... reverse is the case, and the valuable constituents through their softness get reduced to a fine pulp long before the other parts, the ordinary operations of the ore-dresser become much more difficult to carry out. Most elaborate ore-reduction plants are constructed with the view to causing the crushing ...
— Twentieth Century Inventions - A Forecast • George Sutherland

... being—human it is true, but sanctified by grace, and fitted to exercise "a more telling influence upon the destines of the world," than the mightiest statesman, or the profoundest philosopher, or the noblest warrior of which history can boast. Like the hues of the rainbow, which in all their softness and sweetness and sublimity, rejoice to span the heavens together, and make up one token of the covenant, do the prophets stand before us as one class of men, unfolding the covenant of mercy, and offering light and life to a ...
— The Wesleyan Methodist Pulpit in Malvern • Knowles King

... soft, if you will, but his softness seems to have served him. He has offered her everything, and she has not yet refused it." I had handed my visitor a cigar, and he was puffing it in silence. At last he abruptly asked if I had been introduced to Madame Blumenthal, and, on my affirmative, inquired ...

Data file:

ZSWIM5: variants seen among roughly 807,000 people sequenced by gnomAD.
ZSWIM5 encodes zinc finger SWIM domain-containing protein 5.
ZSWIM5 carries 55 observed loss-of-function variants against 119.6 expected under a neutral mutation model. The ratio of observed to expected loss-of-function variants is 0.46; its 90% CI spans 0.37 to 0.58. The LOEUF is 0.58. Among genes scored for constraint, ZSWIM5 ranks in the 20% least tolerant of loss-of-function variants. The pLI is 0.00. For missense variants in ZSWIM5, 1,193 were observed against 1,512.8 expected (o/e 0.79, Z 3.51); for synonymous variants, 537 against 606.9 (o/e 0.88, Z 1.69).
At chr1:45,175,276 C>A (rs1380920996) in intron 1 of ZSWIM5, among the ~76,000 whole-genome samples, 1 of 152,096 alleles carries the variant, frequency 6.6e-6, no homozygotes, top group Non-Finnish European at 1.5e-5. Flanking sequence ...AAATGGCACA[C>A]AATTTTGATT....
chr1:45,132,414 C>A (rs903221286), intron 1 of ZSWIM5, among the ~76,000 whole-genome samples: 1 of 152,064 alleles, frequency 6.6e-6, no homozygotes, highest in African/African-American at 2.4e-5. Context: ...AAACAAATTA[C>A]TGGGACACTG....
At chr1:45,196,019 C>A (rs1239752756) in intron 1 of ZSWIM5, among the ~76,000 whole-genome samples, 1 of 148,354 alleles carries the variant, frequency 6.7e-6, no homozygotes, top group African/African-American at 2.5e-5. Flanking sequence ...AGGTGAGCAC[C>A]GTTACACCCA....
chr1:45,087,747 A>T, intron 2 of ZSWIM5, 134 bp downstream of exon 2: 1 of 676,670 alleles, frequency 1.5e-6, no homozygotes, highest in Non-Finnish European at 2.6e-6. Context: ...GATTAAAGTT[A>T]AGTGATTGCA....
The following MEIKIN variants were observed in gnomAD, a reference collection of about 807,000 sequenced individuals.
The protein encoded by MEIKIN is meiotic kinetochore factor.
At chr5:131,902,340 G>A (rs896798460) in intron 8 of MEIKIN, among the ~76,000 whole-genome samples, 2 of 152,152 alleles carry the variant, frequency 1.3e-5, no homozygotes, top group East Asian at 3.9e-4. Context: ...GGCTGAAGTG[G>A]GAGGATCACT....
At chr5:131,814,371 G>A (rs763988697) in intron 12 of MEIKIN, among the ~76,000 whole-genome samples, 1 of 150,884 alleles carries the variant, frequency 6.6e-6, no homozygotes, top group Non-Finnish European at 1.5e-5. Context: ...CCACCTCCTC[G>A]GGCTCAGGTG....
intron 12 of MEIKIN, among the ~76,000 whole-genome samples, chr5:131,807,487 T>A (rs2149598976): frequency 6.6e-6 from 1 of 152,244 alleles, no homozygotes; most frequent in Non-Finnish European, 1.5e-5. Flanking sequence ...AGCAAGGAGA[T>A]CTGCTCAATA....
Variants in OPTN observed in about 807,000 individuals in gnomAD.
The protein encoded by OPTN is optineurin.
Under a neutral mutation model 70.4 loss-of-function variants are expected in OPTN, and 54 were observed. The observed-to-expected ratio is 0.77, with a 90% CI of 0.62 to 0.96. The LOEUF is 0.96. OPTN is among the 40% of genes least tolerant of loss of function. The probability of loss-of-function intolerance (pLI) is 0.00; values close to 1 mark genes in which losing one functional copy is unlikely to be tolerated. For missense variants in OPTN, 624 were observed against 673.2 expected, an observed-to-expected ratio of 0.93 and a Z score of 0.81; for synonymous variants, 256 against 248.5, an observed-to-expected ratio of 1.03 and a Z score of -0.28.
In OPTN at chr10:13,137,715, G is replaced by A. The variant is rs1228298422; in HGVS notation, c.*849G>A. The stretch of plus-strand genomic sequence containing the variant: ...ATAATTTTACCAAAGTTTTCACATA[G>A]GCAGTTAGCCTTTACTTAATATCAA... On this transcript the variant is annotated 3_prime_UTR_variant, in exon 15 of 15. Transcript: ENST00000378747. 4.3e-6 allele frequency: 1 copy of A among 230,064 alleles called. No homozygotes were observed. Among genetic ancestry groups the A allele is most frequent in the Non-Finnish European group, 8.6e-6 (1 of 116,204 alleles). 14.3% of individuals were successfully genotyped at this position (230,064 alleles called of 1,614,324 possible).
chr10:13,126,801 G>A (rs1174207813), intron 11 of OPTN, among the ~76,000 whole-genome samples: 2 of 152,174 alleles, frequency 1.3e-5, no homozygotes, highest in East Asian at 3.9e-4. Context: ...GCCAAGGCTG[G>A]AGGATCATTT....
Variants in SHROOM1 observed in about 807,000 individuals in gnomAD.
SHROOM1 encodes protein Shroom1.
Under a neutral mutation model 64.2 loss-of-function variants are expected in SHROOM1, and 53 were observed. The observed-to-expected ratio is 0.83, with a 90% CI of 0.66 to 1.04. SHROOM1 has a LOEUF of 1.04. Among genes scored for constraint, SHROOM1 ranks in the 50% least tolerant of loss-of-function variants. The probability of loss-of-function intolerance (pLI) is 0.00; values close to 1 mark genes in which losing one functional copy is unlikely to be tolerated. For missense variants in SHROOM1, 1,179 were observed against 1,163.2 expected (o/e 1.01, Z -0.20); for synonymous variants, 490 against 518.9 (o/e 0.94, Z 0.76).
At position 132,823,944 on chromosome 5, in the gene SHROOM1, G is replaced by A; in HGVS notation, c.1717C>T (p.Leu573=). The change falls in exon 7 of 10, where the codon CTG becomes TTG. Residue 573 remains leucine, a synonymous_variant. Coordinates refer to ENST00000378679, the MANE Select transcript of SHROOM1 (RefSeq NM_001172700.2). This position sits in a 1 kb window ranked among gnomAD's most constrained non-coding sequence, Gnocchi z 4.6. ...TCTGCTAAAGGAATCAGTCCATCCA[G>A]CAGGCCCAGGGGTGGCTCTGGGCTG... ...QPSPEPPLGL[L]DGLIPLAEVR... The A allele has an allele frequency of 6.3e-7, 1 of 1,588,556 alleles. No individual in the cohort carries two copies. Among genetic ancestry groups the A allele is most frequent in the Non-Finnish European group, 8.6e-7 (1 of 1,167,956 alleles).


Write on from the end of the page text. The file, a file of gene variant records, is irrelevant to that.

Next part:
— Eugene Pickering • Henry James

... characteristic is tenderness and pathos, combined with unity of feeling, and a simplicity always genuine and true to nature. Allan Cunningham, who forms only a humble estimate of his genius, remarks that his songs "have much softness and truth, an insinuating grace of manners, and a decorum of expression, with no small skill in the dramatic management of the stories."[11] The ballad of "Scotland's Skaith" ranks among the happiest conceptions of the Scottish Doric muse; rural ...
— The Modern Scottish Minstrel, Volumes I-VI. - The Songs of Scotland of the Past Half Century • Various

... opening and closing drowsily, watched her sister like a sleepy, comfortable cat. The sunbeams, filtering through the leafy arch, coquetted with Margaret's raven hair, and alternately brightened and shadowed her features. There was little of feminine softness in those unguarded features, much of intense and apparently far from agreeable thought. It was one of her bad days, mentally as well as physically—probably mentally because physically. She had not slept more than two hours at most, and her ...
— The Fashionable Adventures of Joshua Craig • David Graham Phillips

... October afternoon—one of those mellow days for which this latitude is so remarkable—possessing the softness and genial temperature of ...
— The Continental Monthly, Volume V. Issue I • Various

... rage, and, shivering with cold, he makes his appearance. Not a murmur is heard from her lips. On the contrary, she meets him with a smile—she caresses him with tender arms, with all the gentleness and softness of her sex. Here, then, is seen her disposition, beautifully arrayed. Woman, thou art more to be admired than the spicy gales of Arabia, and more sought for than the gold of Golconda. We believe that Woman ...
— Innocents abroad • Mark Twain